WHEN YOU LOOK AT YOUR CHILD DO YOU SEE YOURSELF? I’m not talking about the same eye or hair colour, I mean do you see your behaviour and emotional habits?
As well as passing on our DNA, we as parents are handing down our personality to our children. In the main, it’s a wonderful thing to see our child mimic our sense of humour, confidence or caring nature. But the painful truth is that they are also inheriting our fears and insecurities.
I had a moment of clarity a few years ago when my daughter would say every Sunday before school that she had a stomach ache. Every time we met new people she became nervous. In fact, whenever the winds of change blew, she hid behind the nearest tree or under the bed. I also noticed she was becoming fiercely independent and self-reliant, and the kind of person who gives in abundance but refuses to ask for help. The kind of person that was, well, me.
I realised I had passed on my anxiety about change and the unknown to her. I don’t know how or when it happened, but it did.
I am not alone. It’s very common to pass our insecurities on to our children – subliminally and unintentionally – who then experience the feelings as their own.
How many of us find ourselves overreacting to things or running to the nearest source of comfort or validation? Why do we do it? Because we are still affected by deep wounds from our childhood that influence the way we see the world and manage our relationships. Without addressing whatever unhealthy coping skills, insecurities or other issues we have carried around since a young age, we will pass these same traits down to our children. It could be that you are still feeling the shame of that first heartbreak, the pain of losing an aunt at 10, the anxiety of a difficult adolescence, or the fear of not being able to find your parents in the mall when you were six. Or perhaps you are dealing with body image insecurities that have been passed down through the generations, from your grandmother to your mother and to you?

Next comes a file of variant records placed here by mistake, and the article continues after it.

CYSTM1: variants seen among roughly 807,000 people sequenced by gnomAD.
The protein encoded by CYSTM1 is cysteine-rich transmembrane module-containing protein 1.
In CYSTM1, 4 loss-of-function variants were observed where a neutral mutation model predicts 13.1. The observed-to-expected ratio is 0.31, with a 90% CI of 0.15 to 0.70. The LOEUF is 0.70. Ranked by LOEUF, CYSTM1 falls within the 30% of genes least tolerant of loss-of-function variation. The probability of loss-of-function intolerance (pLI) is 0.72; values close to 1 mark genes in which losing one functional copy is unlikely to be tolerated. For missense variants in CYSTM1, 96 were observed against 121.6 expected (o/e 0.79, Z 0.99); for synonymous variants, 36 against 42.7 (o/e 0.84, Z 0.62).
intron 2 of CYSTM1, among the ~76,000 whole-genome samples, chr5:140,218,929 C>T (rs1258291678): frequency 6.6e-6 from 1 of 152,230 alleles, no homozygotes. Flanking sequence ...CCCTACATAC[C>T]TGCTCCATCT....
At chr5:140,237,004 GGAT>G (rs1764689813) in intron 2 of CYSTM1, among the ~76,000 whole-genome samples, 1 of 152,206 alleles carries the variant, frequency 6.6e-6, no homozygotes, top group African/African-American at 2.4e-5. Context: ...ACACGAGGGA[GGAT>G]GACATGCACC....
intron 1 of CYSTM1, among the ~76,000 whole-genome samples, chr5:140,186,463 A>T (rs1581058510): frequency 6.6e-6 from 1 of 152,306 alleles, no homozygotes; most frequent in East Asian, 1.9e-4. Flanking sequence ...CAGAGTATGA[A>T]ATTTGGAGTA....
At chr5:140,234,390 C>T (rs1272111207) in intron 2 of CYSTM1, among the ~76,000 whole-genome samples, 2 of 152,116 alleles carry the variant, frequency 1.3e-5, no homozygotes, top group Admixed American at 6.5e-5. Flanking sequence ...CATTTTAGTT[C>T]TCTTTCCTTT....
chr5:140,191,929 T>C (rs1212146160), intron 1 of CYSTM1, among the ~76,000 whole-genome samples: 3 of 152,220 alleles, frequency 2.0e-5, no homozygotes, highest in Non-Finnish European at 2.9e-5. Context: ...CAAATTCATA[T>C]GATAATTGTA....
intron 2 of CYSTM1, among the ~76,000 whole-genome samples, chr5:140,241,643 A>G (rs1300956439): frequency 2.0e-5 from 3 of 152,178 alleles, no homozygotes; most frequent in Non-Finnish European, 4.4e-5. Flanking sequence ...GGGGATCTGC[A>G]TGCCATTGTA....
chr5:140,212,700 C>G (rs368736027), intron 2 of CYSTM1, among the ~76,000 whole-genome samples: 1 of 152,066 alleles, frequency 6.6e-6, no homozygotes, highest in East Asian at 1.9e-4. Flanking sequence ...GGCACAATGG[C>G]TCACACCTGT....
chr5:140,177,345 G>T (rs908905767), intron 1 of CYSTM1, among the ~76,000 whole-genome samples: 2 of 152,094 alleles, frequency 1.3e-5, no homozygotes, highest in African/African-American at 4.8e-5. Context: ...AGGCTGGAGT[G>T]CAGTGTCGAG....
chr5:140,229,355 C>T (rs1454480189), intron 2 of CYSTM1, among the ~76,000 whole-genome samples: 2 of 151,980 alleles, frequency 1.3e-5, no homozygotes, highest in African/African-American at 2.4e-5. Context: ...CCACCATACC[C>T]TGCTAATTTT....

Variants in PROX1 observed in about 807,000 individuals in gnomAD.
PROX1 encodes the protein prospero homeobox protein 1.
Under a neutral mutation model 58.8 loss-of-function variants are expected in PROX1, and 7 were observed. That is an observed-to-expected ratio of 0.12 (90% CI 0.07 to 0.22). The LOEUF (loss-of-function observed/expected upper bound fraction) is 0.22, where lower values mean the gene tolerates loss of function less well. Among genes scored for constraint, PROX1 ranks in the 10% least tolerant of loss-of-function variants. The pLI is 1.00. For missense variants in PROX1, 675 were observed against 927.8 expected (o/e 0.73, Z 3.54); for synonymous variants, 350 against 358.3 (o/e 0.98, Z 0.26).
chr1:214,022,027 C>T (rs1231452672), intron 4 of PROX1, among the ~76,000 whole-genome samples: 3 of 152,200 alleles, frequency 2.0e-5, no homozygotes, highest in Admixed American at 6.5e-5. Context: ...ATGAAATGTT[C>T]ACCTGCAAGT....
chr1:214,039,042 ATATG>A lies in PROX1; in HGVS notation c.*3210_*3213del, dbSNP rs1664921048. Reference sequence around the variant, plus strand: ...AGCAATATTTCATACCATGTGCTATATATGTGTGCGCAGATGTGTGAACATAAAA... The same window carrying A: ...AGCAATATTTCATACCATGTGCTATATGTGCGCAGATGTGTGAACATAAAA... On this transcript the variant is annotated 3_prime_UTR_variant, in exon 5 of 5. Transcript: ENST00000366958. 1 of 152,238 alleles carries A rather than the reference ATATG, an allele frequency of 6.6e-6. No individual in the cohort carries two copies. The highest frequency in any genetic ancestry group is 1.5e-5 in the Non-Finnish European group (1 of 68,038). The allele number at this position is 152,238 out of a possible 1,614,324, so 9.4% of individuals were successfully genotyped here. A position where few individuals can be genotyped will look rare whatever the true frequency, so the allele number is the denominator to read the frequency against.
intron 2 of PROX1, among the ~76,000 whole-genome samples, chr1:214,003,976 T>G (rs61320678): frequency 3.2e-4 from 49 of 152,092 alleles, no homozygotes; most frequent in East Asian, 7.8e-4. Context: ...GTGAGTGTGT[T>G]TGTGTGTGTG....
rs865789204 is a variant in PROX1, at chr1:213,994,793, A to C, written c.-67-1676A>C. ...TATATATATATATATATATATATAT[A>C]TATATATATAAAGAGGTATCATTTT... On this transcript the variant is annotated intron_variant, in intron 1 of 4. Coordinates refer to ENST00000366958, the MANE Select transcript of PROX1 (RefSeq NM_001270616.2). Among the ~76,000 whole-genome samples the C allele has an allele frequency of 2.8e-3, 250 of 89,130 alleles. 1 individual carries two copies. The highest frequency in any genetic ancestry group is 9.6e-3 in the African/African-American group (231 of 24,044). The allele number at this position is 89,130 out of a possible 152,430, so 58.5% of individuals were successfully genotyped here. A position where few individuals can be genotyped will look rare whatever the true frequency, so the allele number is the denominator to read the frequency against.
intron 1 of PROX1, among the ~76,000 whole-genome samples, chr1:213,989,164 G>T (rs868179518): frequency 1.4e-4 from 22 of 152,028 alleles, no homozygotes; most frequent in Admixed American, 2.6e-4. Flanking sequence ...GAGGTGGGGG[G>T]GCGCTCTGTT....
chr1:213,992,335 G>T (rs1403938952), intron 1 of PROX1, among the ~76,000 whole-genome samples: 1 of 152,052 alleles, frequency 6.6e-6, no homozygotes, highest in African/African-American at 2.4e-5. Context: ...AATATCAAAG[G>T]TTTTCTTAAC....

Although they say that ‘time heals all wounds’, time is just a bandage to numb the pain. To break the cycle and stop passing on insecurities, we need to heal properly. Simply accepting that you have emotional issues is half the battle won. The other half is confronting them. It’s a painful process to clean out an old wound – you’ll need courage to remove the bandages of time, denial, and compartmentalisation, and strength to offer compassion and forgiveness to those who hurt you.
It feels so much easier to bandage up the wounds once again and numb their pain with the distractions of work and daily tasks for at least another decade or two. But that’s the very time to look at your child and remind yourself of why you are doing this. I would do anything to help my children, and if that means leaping into the past and drowning myself in sorrow, then so be it.
Instead of waiting for ‘time to heal’, you need to ‘make time to heal’. Do this for yourself and for your future generations – and let the pain and emotional suffering stop right here.